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George Graham (1838–1922)

by Kay Rollison

This article was published:

George Graham (1838-1922), farmer and politician, was born on 16 August 1838 at Linlithgow, West Lothian, Scotland, son of George Graham, farmer, and his wife Ellen, née Hardy. Graham's parents migrated to Victoria to take up land near Ballarat, leaving George junior to follow later. He took part in a sealing venture in Greenland before returning to Linlithgow, where he was a tenant farmer. He arrived in Melbourne in 1856.

After working on the Eureka, Ararat and Pleasant Creek goldfields, Graham was a pioneer of the bogus Port Curtis rush in Queensland in 1858. But he had no success as a digger, and returned to the family farm at Miners Rest, where he worked as a contractor with his father. On 14 July 1863 with Presbyterian forms he married Hannah Welch, a dressmaker, born in Northamptonshire, England; they had five children.

In 1873-74 Graham selected land in the Goulburn Valley, near Numurkah, and developed the Wunghnu Park estate. He became the first president of the Shepparton Shire Council, 1879-81, and president of the Farmers' Union at Wunghnu. His interest in fostering the area led him into politics and after an unsuccessful attempt in 1883, he was elected member for Moira in the Legislative Assembly at a by-election in May 1884. He continued to represent the district until his retirement in 1914, as member from 1889 for Numurkah and Nathalia, and from 1904 for Goulburn Valley.

Graham's original campaign was based on getting a 'practical farmer' to represent the district. His main interests were the development of country railways and water conservation, especially the Goulburn levee scheme. He was a member of Alfred Deakin's royal commission into water-supply in 1884-85. He was also concerned to promote the power of country members in defence of rural interests, and was involved with a number of country factions. In November 1890 he became minister of water supply in the 'National Liberal' Munro ministry, and from April 1891 minister of agriculture as well, retaining these posts in the Shiels ministry until it fell in January 1893. He was important in winning country support for the Liberal government of (Sir) George Turner formed in September 1894, but refused an offer to join it. By the 1897 election, however, Graham had moved into Opposition, and used his considerable weight with country members to help to defeat the Turner ministry in November 1899. He then became minister of agriculture, commissioner of public works and, in October-November 1900, minister of labour, in the subsequent 'country' ministry led by A. McLean.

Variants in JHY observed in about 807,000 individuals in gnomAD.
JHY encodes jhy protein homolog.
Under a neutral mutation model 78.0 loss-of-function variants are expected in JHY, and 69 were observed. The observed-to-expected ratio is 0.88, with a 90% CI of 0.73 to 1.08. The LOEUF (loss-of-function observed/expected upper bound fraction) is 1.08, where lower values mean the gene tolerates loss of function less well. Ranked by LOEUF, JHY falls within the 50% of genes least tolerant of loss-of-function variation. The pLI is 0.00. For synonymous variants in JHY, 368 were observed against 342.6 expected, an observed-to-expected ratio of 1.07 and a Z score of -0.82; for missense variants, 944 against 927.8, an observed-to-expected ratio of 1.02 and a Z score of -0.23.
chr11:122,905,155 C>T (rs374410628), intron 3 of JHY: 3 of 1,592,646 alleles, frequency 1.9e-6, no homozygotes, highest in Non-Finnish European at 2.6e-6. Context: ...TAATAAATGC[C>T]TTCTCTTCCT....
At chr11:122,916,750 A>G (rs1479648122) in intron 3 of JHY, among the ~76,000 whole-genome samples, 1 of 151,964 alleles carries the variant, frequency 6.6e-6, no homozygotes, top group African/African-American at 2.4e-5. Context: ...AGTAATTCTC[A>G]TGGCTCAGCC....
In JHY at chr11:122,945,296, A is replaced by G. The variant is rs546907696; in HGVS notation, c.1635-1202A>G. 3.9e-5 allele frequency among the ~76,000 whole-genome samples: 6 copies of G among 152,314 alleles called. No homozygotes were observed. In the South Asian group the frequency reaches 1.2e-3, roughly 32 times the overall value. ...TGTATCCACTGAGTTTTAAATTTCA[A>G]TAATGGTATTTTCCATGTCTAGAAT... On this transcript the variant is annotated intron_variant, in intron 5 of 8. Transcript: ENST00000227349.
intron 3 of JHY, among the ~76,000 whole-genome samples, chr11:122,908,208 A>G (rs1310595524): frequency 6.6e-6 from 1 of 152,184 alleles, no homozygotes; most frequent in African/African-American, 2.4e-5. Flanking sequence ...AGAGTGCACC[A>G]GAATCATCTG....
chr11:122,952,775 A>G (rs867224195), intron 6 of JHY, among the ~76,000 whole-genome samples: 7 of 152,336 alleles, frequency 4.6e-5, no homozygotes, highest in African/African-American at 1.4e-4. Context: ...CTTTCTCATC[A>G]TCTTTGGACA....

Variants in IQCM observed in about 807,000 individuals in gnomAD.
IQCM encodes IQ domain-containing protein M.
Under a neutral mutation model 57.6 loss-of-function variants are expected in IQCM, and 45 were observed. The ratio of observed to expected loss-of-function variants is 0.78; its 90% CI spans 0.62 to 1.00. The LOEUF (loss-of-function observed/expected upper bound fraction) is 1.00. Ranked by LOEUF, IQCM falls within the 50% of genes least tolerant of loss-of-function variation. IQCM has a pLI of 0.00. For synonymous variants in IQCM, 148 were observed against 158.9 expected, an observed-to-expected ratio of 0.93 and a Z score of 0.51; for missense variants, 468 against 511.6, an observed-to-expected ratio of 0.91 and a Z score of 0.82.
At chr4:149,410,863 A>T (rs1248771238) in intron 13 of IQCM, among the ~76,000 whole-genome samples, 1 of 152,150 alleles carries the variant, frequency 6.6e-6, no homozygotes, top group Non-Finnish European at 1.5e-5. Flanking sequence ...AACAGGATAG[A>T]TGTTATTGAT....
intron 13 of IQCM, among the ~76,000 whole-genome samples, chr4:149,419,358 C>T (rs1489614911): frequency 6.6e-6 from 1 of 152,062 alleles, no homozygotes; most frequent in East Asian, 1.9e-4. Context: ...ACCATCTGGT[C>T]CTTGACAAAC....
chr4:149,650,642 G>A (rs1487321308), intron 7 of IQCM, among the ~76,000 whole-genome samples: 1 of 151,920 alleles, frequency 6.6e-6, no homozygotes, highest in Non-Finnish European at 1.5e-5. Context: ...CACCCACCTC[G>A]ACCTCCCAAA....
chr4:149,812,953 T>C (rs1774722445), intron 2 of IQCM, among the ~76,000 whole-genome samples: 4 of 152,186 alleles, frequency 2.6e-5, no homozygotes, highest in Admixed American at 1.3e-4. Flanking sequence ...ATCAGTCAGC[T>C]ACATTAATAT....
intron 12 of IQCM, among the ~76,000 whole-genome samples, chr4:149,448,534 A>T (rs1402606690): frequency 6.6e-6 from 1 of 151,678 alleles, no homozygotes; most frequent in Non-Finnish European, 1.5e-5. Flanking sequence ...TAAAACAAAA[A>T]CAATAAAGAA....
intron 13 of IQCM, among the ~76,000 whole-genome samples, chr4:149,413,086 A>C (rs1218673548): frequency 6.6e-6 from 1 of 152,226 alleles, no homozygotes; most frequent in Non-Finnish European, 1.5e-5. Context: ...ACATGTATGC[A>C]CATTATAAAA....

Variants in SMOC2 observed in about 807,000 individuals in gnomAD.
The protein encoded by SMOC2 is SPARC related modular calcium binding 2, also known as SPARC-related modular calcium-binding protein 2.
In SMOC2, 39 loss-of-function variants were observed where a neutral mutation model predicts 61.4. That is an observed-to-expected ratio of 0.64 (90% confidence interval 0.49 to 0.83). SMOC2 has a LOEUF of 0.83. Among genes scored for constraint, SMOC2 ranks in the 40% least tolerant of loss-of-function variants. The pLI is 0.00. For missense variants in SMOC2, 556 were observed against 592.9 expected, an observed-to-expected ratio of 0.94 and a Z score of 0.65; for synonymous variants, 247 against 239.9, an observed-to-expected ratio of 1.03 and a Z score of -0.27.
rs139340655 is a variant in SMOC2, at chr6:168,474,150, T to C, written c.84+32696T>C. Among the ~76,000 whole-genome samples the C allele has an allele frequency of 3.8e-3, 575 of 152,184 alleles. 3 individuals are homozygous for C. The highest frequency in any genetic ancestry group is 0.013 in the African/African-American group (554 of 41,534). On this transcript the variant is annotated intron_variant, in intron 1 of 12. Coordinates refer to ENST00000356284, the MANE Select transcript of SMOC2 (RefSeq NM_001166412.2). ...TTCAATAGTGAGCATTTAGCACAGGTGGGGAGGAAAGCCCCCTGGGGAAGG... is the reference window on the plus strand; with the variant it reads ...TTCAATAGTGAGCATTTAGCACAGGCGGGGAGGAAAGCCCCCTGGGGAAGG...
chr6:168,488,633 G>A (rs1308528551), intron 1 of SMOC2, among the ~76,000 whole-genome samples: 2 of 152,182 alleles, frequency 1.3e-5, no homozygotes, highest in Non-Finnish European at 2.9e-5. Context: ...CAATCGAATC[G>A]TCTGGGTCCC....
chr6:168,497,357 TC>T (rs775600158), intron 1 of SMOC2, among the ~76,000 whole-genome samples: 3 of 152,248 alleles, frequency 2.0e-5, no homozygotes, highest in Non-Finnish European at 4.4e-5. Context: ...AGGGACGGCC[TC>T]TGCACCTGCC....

In 1902 Graham was again important in organizing a group of country members, this time to dismiss the Liberal Peacock government. However he again declined to participate in the resulting Irvine ministry. Even when party lines became much more rigid under the impact of the National Citizens' Reform League's support of the government in the 1902 elections, he still exercised considerable independence.

Although formed in 1904 without reference to country factions, the Bent government was sympathetic to rural interests. Graham gave it good support, and for most of its life held the powerful position of chairman of the Railways Standing Committee. However by 1907 country members within government ranks again found it necessary to form a 'country party' to counterbalance any concessions to the Liberals, with whom Bent formed a coalition in 1907. Elements of this country faction were responsible for Bent's defeat on a motion of no confidence in 1908. Although Graham had supported Bent, and stood as a ministerialist in the ensuing elections, he represented the country faction in the new ministry formed by John Murray, becoming minister of water supply and of agriculture. He continued to hold these portfolios in the Watt ministry in 1912-13, until it was defeated by the defection of a new country faction and replaced by the Elmslie Labor ministry. He did not contest the 1914 election.

Wunghnu Park was taken over by Graham's two sons. Graham, who was in poor health and becoming senile, continued to live in the Numurkah district. He was a firm Methodist, a strong supporter of the temperance movement, and a Freemason. He died on 22 July 1922 at his daughter's home at Numurkah, and was buried in Wunghnu cemetery.

Select Bibliography

  • G. M. Hibbins, A History of the Nathalia Shire (Melb, 1978)
  • Punch (Melbourne), 3 Aug 1905
  • Argus (Melbourne), 24 July 1922
  • K. Rollison, Groups and Attitudes in the Victorian Legislative Assembly 1900-1909 (Ph.D. thesis, La Trobe University, 1972).

Citation details

Kay Rollison, 'Graham, George (1838–1922)', Australian Dictionary of Biography, National Centre of Biography, Australian National University,, published first in hardcopy 1983, accessed online 26 May 2024.

This article was published in hardcopy in Australian Dictionary of Biography, Volume 9, (Melbourne University Press), 1983

View the front pages for Volume 9

© Copyright Australian Dictionary of Biography, 2006-2024

Life Summary [details]


16 August, 1838
Linlithgow, West Lothian, Scotland


22 July, 1922 (aged 83)
Numurkah, Victoria, Australia

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